everyday's tidbits

Wednesday, May 31, 2006

Male Contraception

Women are generally considered as lesser creatures compared to men, in the terms of physical strength and emotional stability (you see that I don't talk about intelligence here). Despite of that, women were asked to be a super human being nowadays. They have jobs (either for their self-fulfillment or for supporting the family income), they're expected to be great moms at home (cooking, washing, cleaning the house, deemed responsible for their children's education), and great wives for the husband (domestic and outside the house, such as parties, meetings, etc). On top of that, when it comes to the procreation, they have the bigger burden: 9-months of pregnancy, childbirth, and baby-sitting. When the husbands don't want too many kids, it is the wives who have to prevent the pregnancy. And when their fertility aren't coming back after the use of contraception, it was they who are to blame. It's a hard and sometimes unrewarding life women have.

Contraception, for those un-conservatives who do not oppose to it, has been taken for granted for prevent pregnancy. Most methods of contraception are for female part of the couple, has brought concern in gender-aware females. Most contraception for females are hormone-based, such as pill, injection, and implant, caused hormonal changes in female body, causing menstrual irregularities, weight gain, acne, and vascular problem. Hormonal contraception users have the usual complain of delayed recovery of fertility after discontinuation of the contraception. Other female contraception such as IUD causes a lot of discomfort and excessive menstrual bleeding. Cycle method (abstinence) is not reliable, since women have a lot of menstrual cycle changes, depend on their physical and mental conditions. Diaphraghm is difficult to use (according to me, that is) and chemical contraceptions are not very effective. Tubectomy is not reversible. In short, female body has to bear the burden of contraception, so that the couple can limit the number of their offspring, to guarantee that they have enough fund for their children's education and, hopefully, assuring a better future for the children. Fewer children and enough interval between births also enable women to pursue their career, an achievement women need nowadays for their self-esteem.

Male has been asking to take part (a small part, that is) in the burden, by giving the options of coitus interruptus, vesectomy, and condom. Coitus interruptus needs a lot of control in the male part, which I think is practically impossible, since men are notorious for their poor self-control when their heads are occupied with sex. Condoms is not very popular for men (although some type of condoms are very polular with women) since as a second skin, it reduces the sensation. Condoms also do not have 100% protection (remember one of those Friends episode, where Rachel get pregnant?). Vasectomy is usually a last option, men hate doctors messed around with their scrotum. So you see, expecting men to take off some of women's burden is still a long way to go.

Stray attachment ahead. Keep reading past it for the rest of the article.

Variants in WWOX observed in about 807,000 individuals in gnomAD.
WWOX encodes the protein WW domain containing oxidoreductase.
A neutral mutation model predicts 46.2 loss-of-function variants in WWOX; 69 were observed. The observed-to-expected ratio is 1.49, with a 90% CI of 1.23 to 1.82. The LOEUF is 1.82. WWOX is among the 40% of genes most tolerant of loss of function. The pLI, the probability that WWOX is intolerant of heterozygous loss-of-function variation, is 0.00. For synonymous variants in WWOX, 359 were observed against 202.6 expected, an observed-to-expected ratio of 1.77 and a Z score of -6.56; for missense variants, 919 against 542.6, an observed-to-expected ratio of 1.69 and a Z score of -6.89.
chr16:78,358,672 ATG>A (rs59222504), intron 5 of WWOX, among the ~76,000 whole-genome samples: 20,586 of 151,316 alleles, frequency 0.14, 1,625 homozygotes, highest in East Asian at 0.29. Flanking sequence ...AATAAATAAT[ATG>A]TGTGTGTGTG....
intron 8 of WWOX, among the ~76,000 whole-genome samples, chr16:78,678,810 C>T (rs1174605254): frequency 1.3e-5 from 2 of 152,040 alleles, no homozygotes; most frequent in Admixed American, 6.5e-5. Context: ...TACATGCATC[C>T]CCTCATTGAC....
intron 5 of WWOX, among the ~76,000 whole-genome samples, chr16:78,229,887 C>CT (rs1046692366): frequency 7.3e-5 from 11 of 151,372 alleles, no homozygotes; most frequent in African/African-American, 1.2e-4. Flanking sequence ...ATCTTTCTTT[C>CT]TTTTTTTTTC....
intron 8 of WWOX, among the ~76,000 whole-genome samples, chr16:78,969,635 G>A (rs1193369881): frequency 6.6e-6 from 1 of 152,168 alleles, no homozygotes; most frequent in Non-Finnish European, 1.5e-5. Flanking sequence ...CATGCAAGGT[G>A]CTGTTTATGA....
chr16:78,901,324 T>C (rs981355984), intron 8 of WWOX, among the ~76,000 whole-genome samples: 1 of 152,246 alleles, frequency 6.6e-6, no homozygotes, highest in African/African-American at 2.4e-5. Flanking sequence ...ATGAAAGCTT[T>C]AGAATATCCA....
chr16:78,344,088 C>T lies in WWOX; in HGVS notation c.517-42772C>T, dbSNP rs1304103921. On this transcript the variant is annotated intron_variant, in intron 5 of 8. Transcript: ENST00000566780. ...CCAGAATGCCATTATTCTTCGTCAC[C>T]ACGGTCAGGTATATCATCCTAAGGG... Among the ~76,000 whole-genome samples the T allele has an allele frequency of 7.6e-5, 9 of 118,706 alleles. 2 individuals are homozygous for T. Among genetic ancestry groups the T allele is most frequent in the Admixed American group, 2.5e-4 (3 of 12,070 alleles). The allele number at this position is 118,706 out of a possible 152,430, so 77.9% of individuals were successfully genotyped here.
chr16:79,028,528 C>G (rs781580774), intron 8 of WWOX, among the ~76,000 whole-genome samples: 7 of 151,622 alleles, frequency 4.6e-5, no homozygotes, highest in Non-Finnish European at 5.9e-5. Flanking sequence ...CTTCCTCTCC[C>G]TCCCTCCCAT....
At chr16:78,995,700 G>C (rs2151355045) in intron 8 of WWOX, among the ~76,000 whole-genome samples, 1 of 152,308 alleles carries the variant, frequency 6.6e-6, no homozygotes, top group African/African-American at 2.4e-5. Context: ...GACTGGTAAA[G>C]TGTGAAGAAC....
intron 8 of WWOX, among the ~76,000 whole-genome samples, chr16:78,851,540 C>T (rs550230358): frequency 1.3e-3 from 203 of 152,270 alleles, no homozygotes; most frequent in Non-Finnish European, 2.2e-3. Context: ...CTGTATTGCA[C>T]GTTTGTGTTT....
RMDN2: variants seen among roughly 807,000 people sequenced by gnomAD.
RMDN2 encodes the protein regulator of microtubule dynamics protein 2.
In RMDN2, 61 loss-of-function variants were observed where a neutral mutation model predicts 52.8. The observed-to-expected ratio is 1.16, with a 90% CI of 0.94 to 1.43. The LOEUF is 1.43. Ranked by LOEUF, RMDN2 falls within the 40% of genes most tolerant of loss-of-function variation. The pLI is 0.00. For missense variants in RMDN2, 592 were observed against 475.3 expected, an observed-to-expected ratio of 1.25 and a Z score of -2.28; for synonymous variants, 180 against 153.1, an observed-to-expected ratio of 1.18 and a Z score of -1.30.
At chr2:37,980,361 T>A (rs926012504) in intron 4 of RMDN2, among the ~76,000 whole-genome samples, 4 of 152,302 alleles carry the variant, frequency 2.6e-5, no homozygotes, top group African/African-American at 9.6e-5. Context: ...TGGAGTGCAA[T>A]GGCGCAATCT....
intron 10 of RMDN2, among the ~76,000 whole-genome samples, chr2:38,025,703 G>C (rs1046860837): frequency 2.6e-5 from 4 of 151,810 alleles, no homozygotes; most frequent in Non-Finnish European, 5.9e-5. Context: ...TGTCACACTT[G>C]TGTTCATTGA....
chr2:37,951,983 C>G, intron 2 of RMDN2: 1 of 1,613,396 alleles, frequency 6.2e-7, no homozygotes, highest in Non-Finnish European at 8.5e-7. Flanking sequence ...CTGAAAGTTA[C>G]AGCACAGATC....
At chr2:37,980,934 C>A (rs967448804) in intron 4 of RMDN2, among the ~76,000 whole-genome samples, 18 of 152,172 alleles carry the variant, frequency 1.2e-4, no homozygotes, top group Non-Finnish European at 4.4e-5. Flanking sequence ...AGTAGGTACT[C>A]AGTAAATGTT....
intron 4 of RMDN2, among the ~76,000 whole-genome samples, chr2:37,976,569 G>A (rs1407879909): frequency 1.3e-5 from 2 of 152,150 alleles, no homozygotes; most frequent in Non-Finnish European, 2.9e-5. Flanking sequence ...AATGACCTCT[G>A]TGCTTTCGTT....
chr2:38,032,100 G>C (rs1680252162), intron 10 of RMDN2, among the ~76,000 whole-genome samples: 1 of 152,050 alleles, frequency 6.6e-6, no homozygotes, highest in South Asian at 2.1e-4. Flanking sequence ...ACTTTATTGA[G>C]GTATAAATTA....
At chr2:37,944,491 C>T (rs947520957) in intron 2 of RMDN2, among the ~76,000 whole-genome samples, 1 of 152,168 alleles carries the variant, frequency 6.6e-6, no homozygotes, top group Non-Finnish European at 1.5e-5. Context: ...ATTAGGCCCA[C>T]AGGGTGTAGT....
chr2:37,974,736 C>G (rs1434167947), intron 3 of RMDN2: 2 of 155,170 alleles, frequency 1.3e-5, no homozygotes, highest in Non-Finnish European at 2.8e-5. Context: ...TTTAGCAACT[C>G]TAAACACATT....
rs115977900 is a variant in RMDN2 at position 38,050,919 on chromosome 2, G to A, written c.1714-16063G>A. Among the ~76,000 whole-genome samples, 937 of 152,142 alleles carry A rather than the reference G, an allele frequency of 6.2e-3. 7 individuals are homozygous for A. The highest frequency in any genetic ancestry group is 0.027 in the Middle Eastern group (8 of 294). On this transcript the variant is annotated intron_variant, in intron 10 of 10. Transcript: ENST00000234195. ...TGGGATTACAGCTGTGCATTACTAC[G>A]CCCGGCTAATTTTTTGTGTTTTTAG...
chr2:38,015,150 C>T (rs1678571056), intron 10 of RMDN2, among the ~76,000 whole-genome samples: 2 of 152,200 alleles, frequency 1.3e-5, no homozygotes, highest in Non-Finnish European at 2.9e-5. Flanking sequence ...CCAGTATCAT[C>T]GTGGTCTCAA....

Recently, a new method for male contraception is developed and still in clinical trial. And it's hormonal. But I doubt this method will be popular. Asking men to eat birth control pill everyday? Impossible. But it sure give more options for preventing pregnancy. I read in NewScientist that maybe when it come to the commercial world, it will also available in injection, gel, or patch. When a woman is in a condition that will render her harm to take a hormonal contraception, her male partner can take over.

Male hormonal contraception methods work in a similar way to those used by women. While female treatments suppress ovulation, sperm production can be prevented by giving the male hormones androgen and progestagen. These can either lead to no sperm being produced in semen, or very low sperm counts too low to lead to conception - fewer than three million sperm per millilitre compared to a fertile level of 20 million. Two treatments - one injection and one implant - are currently
being tested in advanced clinical trials.
Dr Peter Liu, from the Los Angeles Biomedical Research Institute, looked at 30 studies into male hormone contraceptives. He found that men who had used some form of sperm suppressant contraception for a year took an average of three to four months to return to fertile levels of sperm production. Older age, being of Asian origin, shorter treatment duration and higher sperm concentrations prior to hormone treatment were all linked to faster rates of recovery. (Lancet 367; 2006)

Interesting: being Asian origin is linked to faster rates of recovery. Does this mean Asian men are more fertile than their European and American counterpart?

Photos taken from: BBC




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